Monday, 28 November 2011
One of the most sought after and also one of the most elusive birds on Fuerteventura is the lovely Houbara Bustard (Chlamydotis undulata, fuertaventurae), here seen in flight near Cotillo
Fuerteventura in the Canary Islands, Spain is one of the best known birding destinations within this wonderful volcanic, Atlantic island group. I've been leading groups here with my own company, Andalucian Guides for a few years now and really have a deep affection for the grandeur and stark beauty of this special island. Some quarters are a pretty inhospitable looking at first glance, especially on the flight along the east coast to Fuerteventuras main airport at Caleta de Fustes. You pass over huge lava flows on the aircrafts final approach and the colours of what was once rivers of moulten rock look as if they are still coolong down. The last estimated volcanic activity on the island took place between four and five thousand years ago although the island 'core' is reconed to be twenty million years old.
Around Pared in the south of the island is one of the most popular spots to look for Houbara Bustard. This year in the Pared area, we only managed to see one distant bird in flight and with so many walkers, some even with dogs, cutting across country, we moved to the north of the island and looked at first light. Here we had success and managed to get some good flight shots as well.
There's a nice little digi-scoped film of a Houbara on Fuerteventura here from 'Bustersymes'
Hubara Bustard (Chlamydotis undulata, fuertaventurae) . Males are heavier than females with the average male weighing 2.2 kg, the lighter female average weight has been recorded at 1.2 kg, a significant difference. Their wingspan is 1.5 m.
Spectacled Warbler (Sylvia conspicillata orbitalis)
Great Grey Shrike (Lanius meridionalis, koenigi)
Berthelot's Pipit (Anthus berthelotii)
Ruddy Shellduck (Tadorna ferruginea)
Fuerteventura Chat (Saxicola dacotiae). I see that it's referred to as the Canary Islands Bush Chat now in the latest Dutch Birding list (Dutch = Canarische Rootborsttapuit).
Fuerteventura Chat taking a drink at Los Molinos Barranco.
Barbary Falcon (Falco pelegrinoides) can be another elusive bird of prey to get onto. We managed to see a pair at El Cortijo.
Linnnets and Trumpeter Finches feeding.
The Fuerteventuran form of Common Kestrel (Falco tinniculus, dacotiae)
A Great Bittern was an added bonus. This lovely adult bird had been at the small reservoir at Catalina Garcia, south of Tuineje.
Lesser Short-toed Larks (Calandrella rufescens polatzeki)
Intelligent birds like all the other crows, here a Raven turns over stones looking for food.
The race of Egyptian Vulture (Neophron percnopterus, majorensis) has a deeper ochre coloured hue and looks slightly more muscular around the neck and the top of the back than Spanish birds.
There are estimated to be only around 150 of these birds left on Fuertervantura with just one pair on nearby Lanzarote. It's estimated that there has been a population decline of 30% of these birds in the last twenty years (Source: Proyecto Life - Coservación del Guirre en ZEPA de Fuerteventura). You can download a poster about the aims of the project here of course most of the work is informing the public, asking the electricity suppliers to insulate and mark spanned cables and motivate and stimulate enough people to reduce hunting and poisoning.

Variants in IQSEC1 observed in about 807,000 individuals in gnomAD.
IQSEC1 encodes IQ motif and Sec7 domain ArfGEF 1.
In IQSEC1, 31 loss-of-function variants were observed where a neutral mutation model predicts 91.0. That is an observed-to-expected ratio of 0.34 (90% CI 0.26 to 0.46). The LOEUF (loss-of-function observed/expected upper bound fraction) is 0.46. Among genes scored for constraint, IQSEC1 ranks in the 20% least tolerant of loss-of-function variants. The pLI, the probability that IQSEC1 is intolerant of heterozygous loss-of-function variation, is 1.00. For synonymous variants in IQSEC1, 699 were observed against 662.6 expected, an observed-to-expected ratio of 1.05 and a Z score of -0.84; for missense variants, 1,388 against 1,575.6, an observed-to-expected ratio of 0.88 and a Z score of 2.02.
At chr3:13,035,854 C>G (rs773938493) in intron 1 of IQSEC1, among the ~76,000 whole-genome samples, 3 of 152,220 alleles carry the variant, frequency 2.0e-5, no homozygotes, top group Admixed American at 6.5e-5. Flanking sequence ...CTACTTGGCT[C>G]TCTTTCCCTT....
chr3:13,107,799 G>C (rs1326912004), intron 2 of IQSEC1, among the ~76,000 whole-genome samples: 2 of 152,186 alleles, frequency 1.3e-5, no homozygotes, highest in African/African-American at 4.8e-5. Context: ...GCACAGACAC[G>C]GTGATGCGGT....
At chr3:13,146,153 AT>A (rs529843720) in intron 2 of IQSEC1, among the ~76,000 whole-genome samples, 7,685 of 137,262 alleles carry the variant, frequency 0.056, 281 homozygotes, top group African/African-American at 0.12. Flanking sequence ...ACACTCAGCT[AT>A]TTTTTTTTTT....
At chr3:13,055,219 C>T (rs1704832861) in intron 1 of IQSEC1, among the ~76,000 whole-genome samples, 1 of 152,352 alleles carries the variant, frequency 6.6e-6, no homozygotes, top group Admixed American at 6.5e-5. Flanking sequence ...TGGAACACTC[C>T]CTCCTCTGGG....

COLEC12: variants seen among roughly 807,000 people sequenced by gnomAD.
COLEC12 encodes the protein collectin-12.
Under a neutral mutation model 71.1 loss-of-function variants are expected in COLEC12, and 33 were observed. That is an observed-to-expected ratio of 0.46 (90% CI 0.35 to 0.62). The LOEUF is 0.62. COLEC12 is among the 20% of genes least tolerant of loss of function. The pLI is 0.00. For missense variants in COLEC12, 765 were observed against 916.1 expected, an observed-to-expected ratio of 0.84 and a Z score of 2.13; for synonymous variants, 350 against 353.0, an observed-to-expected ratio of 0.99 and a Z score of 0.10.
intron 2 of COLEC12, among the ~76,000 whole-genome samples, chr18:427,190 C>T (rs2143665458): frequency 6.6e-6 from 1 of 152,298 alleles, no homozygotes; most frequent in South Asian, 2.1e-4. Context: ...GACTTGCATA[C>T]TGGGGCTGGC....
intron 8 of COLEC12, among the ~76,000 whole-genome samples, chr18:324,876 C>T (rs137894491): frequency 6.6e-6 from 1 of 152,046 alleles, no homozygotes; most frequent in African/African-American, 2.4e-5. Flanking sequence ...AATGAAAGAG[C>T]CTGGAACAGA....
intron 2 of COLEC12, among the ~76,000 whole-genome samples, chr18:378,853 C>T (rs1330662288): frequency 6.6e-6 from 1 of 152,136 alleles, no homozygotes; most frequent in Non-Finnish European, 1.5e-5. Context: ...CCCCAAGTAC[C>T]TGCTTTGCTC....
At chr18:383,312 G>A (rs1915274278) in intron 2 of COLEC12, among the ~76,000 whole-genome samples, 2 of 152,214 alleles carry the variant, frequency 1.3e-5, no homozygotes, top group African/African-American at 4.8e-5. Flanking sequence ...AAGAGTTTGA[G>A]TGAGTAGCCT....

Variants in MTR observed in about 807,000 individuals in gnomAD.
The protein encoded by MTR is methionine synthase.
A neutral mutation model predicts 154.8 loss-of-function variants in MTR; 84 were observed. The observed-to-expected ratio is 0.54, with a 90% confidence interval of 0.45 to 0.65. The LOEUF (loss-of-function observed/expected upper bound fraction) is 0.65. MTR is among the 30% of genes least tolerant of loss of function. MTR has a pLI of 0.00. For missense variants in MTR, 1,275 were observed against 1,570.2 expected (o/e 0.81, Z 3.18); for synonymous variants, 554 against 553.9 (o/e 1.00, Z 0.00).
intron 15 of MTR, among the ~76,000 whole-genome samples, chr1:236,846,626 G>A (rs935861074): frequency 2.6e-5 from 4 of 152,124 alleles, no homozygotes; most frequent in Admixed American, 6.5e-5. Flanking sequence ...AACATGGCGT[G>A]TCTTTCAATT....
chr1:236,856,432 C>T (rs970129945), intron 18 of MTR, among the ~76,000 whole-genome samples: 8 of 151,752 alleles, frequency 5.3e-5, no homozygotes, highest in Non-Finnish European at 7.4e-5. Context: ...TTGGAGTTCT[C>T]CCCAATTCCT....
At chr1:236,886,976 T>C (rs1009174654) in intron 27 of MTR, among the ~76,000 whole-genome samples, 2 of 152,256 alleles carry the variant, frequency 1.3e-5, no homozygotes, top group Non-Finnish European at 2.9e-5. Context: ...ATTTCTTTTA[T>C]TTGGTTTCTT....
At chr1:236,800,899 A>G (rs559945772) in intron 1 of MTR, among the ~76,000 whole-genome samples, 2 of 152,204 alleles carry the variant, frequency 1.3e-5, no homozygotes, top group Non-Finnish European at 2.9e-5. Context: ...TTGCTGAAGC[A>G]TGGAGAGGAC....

Sadly, it looks like the funding for this project and for many other good causes has dried up after the initial four year grant.
This lovely sub-adult is showing off the ochre tinge on the inner wing and body. Come and see them now while there are some still around!
A few more Houbara Bustard (Chlamydotis undulata) photos. Birds colliding with unmarked power lines that span the countryside are thought to be one of the main factors in causing the deaths of these birds. Number estimates vary with continued reference to older statistics from a general population study which included the Canary Islands in the 1990's. More recent studies suggest higher numbers of the birds on the Canaries. More on-line facts at Birdlife, here.
Black-bellied Sandgrouse (Pterocles orientalis)
The good thing with the Black-bellied and most other sandgrouse is that you can always hear them calling in flight from a long way off!
The Barbary Ground Squirrel is quite a star at lots of island locations and will come and take food - athough this isn't to be encouraged!
The North African form of Blue Tit (Parus caeulus degener) has a deep blue, almost black cap and small white wing bar.
Common Raven (Corvus corax) in flight. One of the commoner bids, seen in flight every day. Lovely birds, intelligent, with a life span of 10-15 years in the wild, weighing around 1.2 kg and like us a successful omnivore but continually persecuted by Man.
Trumpeter Finch (Becanetes githagineus, amantum). The 'squeaky toy' bird call is so amusing. Here's a really good film with some slow motion film from the BBC Natural History Unit. You can hear their contact calls where they are filmed drinking at a pool together.
Hoopoe (Upupa epops) fairly common and widespread.
Cream-coloured Courser (Cursorius cursor, bannermani). Really stunning, close-up views provided a very special morning for us on the tour.
Cream-coloured Courser (Cursorius cursor, bannermani)
This is Houbara Bustard, Short-toed Lark, Berthelot's Pipit and Trumpeter Finch habitat where Barbary Falcons hunt the smaller birds.
Looks like a rain shower coming in from the north. We did have mainly good weather with only two days where we had some light rain. The temperature was a bit lower than normal, around 18oC on a few days.
Time for lunch...
Typical 'tapas' lunch on Fuerteventura. Olives, freshly grilled sardines, chickpea stew, Spanish Omlette, and those lovely island small pototatoes 'papas arrugadas con mojo', 'mojo' is a red garlic spicy sauce!